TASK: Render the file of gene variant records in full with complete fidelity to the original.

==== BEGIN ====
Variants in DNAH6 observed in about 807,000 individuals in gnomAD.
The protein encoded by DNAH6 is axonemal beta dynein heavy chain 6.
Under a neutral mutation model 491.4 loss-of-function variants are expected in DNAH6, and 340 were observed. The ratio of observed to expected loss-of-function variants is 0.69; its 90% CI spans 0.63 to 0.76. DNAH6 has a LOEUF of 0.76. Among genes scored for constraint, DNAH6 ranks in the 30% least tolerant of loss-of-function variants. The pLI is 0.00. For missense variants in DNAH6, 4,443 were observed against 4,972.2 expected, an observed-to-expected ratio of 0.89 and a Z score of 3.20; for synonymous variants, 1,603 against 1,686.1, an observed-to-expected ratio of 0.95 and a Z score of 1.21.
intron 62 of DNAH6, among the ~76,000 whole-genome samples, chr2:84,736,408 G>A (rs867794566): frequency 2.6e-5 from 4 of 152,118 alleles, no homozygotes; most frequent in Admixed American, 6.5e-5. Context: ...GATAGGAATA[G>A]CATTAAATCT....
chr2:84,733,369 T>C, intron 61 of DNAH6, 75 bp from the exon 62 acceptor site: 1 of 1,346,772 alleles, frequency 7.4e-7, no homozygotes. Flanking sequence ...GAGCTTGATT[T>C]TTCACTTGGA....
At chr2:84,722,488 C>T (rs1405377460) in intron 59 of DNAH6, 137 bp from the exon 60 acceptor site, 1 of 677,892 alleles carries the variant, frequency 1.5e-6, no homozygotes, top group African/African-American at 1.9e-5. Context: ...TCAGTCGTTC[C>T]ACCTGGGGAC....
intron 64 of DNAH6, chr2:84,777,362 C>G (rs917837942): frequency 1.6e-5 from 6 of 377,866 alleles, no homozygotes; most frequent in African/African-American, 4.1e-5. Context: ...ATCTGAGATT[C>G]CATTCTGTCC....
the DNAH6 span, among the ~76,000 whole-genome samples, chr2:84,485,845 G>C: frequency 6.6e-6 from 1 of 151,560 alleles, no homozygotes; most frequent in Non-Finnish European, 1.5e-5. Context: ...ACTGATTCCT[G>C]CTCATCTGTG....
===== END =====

Variants in DNAH6 observed in about 807,000 individuals in gnomAD.
The protein encoded by DNAH6 is axonemal beta dynein heavy chain 6.
Under a neutral mutation model 491.4 loss-of-function variants are expected in DNAH6, and 340 were observed. The ratio of observed to expected loss-of-function variants is 0.69; its 90% CI spans 0.63 to 0.76. DNAH6 has a LOEUF of 0.76. Among genes scored for constraint, DNAH6 ranks in the 30% least tolerant of loss-of-function variants. The pLI is 0.00. For missense variants in DNAH6, 4,443 were observed against 4,972.2 expected, an observed-to-expected ratio of 0.89 and a Z score of 3.20; for synonymous variants, 1,603 against 1,686.1, an observed-to-expected ratio of 0.95 and a Z score of 1.21.
intron 62 of DNAH6, among the ~76,000 whole-genome samples, chr2:84,736,408 G>A (rs867794566): frequency 2.6e-5 from 4 of 152,118 alleles, no homozygotes; most frequent in Admixed American, 6.5e-5. Context: ...GATAGGAATA[G>A]CATTAAATCT....
chr2:84,733,369 T>C, intron 61 of DNAH6, 75 bp from the exon 62 acceptor site: 1 of 1,346,772 alleles, frequency 7.4e-7, no homozygotes. Flanking sequence ...GAGCTTGATT[T>C]TTCACTTGGA....
At chr2:84,722,488 C>T (rs1405377460) in intron 59 of DNAH6, 137 bp from the exon 60 acceptor site, 1 of 677,892 alleles carries the variant, frequency 1.5e-6, no homozygotes, top group African/African-American at 1.9e-5. Context: ...TCAGTCGTTC[C>T]ACCTGGGGAC....
intron 64 of DNAH6, chr2:84,777,362 C>G (rs917837942): frequency 1.6e-5 from 6 of 377,866 alleles, no homozygotes; most frequent in African/African-American, 4.1e-5. Context: ...ATCTGAGATT[C>G]CATTCTGTCC....
the DNAH6 span, among the ~76,000 whole-genome samples, chr2:84,485,845 G>C: frequency 6.6e-6 from 1 of 151,560 alleles, no homozygotes; most frequent in Non-Finnish European, 1.5e-5. Context: ...ACTGATTCCT[G>C]CTCATCTGTG....